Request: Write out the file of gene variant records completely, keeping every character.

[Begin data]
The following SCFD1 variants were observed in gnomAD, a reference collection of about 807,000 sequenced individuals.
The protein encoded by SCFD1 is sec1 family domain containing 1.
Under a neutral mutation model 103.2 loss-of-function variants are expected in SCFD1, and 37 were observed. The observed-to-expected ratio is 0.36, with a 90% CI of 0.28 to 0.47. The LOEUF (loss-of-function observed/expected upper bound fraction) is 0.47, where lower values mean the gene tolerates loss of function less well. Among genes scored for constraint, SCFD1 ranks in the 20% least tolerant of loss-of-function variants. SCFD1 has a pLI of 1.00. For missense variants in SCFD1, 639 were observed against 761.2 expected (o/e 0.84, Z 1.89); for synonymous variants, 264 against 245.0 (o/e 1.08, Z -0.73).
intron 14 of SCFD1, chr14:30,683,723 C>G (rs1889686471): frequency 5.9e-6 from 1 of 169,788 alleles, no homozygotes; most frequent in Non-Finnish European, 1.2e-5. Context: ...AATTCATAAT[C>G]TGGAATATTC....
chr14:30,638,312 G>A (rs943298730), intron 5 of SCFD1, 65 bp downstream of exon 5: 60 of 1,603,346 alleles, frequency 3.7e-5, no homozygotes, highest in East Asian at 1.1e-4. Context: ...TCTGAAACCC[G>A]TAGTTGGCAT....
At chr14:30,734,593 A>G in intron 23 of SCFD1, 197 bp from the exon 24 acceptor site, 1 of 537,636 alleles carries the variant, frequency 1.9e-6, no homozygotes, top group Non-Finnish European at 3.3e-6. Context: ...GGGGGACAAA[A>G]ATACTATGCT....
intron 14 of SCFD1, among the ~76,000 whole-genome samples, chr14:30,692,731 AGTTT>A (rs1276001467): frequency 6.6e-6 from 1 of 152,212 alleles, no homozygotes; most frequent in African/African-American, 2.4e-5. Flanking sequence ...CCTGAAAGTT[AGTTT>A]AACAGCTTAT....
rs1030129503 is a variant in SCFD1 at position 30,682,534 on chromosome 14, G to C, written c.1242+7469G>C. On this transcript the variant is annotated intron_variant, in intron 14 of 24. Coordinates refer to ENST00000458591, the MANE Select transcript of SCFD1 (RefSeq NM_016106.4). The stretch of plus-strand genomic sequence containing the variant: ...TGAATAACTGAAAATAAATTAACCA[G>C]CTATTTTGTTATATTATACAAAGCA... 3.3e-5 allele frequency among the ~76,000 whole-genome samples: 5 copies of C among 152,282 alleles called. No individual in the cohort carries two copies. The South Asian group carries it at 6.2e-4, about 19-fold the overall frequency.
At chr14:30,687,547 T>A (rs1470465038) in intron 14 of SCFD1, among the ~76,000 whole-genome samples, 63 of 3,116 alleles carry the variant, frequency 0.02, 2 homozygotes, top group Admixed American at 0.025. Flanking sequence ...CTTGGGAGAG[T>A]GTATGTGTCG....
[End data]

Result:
The following SCFD1 variants were observed in gnomAD, a reference collection of about 807,000 sequenced individuals.
The protein encoded by SCFD1 is sec1 family domain containing 1.
Under a neutral mutation model 103.2 loss-of-function variants are expected in SCFD1, and 37 were observed. The observed-to-expected ratio is 0.36, with a 90% CI of 0.28 to 0.47. The LOEUF (loss-of-function observed/expected upper bound fraction) is 0.47, where lower values mean the gene tolerates loss of function less well. Among genes scored for constraint, SCFD1 ranks in the 20% least tolerant of loss-of-function variants. SCFD1 has a pLI of 1.00. For missense variants in SCFD1, 639 were observed against 761.2 expected (o/e 0.84, Z 1.89); for synonymous variants, 264 against 245.0 (o/e 1.08, Z -0.73).
intron 14 of SCFD1, chr14:30,683,723 C>G (rs1889686471): frequency 5.9e-6 from 1 of 169,788 alleles, no homozygotes; most frequent in Non-Finnish European, 1.2e-5. Context: ...AATTCATAAT[C>G]TGGAATATTC....
chr14:30,638,312 G>A (rs943298730), intron 5 of SCFD1, 65 bp downstream of exon 5: 60 of 1,603,346 alleles, frequency 3.7e-5, no homozygotes, highest in East Asian at 1.1e-4. Context: ...TCTGAAACCC[G>A]TAGTTGGCAT....
At chr14:30,734,593 A>G in intron 23 of SCFD1, 197 bp from the exon 24 acceptor site, 1 of 537,636 alleles carries the variant, frequency 1.9e-6, no homozygotes, top group Non-Finnish European at 3.3e-6. Context: ...GGGGGACAAA[A>G]ATACTATGCT....
intron 14 of SCFD1, among the ~76,000 whole-genome samples, chr14:30,692,731 AGTTT>A (rs1276001467): frequency 6.6e-6 from 1 of 152,212 alleles, no homozygotes; most frequent in African/African-American, 2.4e-5. Flanking sequence ...CCTGAAAGTT[AGTTT>A]AACAGCTTAT....
rs1030129503 is a variant in SCFD1 at position 30,682,534 on chromosome 14, G to C, written c.1242+7469G>C. On this transcript the variant is annotated intron_variant, in intron 14 of 24. Coordinates refer to ENST00000458591, the MANE Select transcript of SCFD1 (RefSeq NM_016106.4). The stretch of plus-strand genomic sequence containing the variant: ...TGAATAACTGAAAATAAATTAACCA[G>C]CTATTTTGTTATATTATACAAAGCA... 3.3e-5 allele frequency among the ~76,000 whole-genome samples: 5 copies of C among 152,282 alleles called. No individual in the cohort carries two copies. The South Asian group carries it at 6.2e-4, about 19-fold the overall frequency.
At chr14:30,687,547 T>A (rs1470465038) in intron 14 of SCFD1, among the ~76,000 whole-genome samples, 63 of 3,116 alleles carry the variant, frequency 0.02, 2 homozygotes, top group Admixed American at 0.025. Flanking sequence ...CTTGGGAGAG[T>A]GTATGTGTCG....